Is there such thing as moral driving? Yes. And for the longest time, I did not exercise it except to let people into my lane or by waving ‘thanks’ for the people who let me into theirs. That night so many years ago, I ushered three young, promise-filled lives into my father’s Landcruiser and attempted to get on the freeway. Except it was dark and the freeway signs had been knocked askew from another careless driver and by the time I read that “North” was actually “South,” I was already halfway on the on ramp. In a moment of panicked impatience, I swerved the car to the neighboring on ramp, misjudging the distance between my front right wheel and a center cement divider, though not soon enough – my right wheel struck, making a horrendous cracking noise, but I was on the right freeway. My heart stopped at the sound and for a minute I drove without breathing, wondering if I had damaged the car in anyway, but nothing seemed amiss and I let my breath go, driving at an easy pace towards the theater.

Two minutes later, Howard, who sat in the passenger seat said, “I think you popped your wheel.”

I gripped the steering wheel, slightly irritated that he would joke like that, “Shut up Howard. No I didn’t.”

“I think you did. I feel like this side of the car is sinking down.”

The four of us sat very still, praying that Howard was wrong, but even as I slowly lifted my foot off the pedal, there was an unmistakeable slant towards the front right. The tire was slowly letting out air, deflating with every rotation it made on the freeway and I did not know what to do.

“Stay calm,” Charlene said calmly from the backseat, the same time Howard began to say, “We’re going to die! We’re gonna dieeee!”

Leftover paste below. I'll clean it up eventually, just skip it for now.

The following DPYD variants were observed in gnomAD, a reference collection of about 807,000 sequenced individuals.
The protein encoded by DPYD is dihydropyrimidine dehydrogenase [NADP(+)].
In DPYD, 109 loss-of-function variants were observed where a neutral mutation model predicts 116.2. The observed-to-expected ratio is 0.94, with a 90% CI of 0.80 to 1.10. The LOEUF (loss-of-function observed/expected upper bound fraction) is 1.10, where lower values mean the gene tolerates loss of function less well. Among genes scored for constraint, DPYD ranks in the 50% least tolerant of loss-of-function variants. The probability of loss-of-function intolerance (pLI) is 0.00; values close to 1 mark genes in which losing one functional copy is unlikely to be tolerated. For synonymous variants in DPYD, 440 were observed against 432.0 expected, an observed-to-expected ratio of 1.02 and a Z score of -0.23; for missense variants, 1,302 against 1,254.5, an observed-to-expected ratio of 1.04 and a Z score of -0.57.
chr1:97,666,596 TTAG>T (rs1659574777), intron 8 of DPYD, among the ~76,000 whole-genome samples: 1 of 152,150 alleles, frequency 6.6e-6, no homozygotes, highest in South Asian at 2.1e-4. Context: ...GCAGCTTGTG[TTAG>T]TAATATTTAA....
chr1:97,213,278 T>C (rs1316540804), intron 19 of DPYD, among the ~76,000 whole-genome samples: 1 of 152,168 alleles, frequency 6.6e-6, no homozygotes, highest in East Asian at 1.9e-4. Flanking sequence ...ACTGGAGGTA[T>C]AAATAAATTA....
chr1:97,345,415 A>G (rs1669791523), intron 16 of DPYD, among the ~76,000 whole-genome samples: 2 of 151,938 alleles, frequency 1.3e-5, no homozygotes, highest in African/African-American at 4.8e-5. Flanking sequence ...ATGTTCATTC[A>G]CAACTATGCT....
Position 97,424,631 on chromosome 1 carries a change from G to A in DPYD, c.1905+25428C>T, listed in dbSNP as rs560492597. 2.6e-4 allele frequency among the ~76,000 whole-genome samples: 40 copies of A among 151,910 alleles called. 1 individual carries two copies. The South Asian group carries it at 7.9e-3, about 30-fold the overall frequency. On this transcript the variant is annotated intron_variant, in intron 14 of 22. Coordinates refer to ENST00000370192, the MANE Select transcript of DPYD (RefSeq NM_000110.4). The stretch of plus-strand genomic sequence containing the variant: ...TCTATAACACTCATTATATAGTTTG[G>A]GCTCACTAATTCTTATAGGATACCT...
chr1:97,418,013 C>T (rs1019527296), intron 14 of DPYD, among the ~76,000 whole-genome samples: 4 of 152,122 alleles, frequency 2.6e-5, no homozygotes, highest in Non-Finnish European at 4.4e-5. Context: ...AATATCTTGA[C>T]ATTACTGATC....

I wanted to slap him, but my hands were clenched to the wheel. I immediately thought of the worst case scenario, hours into the future, when I would have to call Mr. Shu and tell him that I had killed both his sons, and that inexplicably, I had survived unscathed. Suddenly the smell of burning rubber filled the car and in a panic, I sped up, forgetting all my common sense or the knowledge that cars had emergency lights and that freeways had shoulders for situations such as this. I could only think to get us off the freeway.

I’m certain that sparks were flying as the tire burned away like flesh from bone, leaving the rims to scrape against the asphalt. A horrific grating, clanking noise alternated with a ferocious whip-like crack as the tire’s remnants snapped in and around – I didn’t know what was going on with that front right wheel, to be honest, I only hoped that it wouldn’t catch fire or fall completely off. As I do when I drive, I placed trust not in myself, but in other drivers to steer clear of me. Perhaps I was screaming. Perhaps angry drivers honked at me. I heard nothing but the clanking and the snapping and my own thoughts, half begging myself to somehow get us off the freeway and half screaming that speeding up on a flat tire was akin to throwing gasoline on a raging fire. I prayed to the wheel: you can explode into smithereens if that’s how you want to end the night, just wait for us to get out of the car.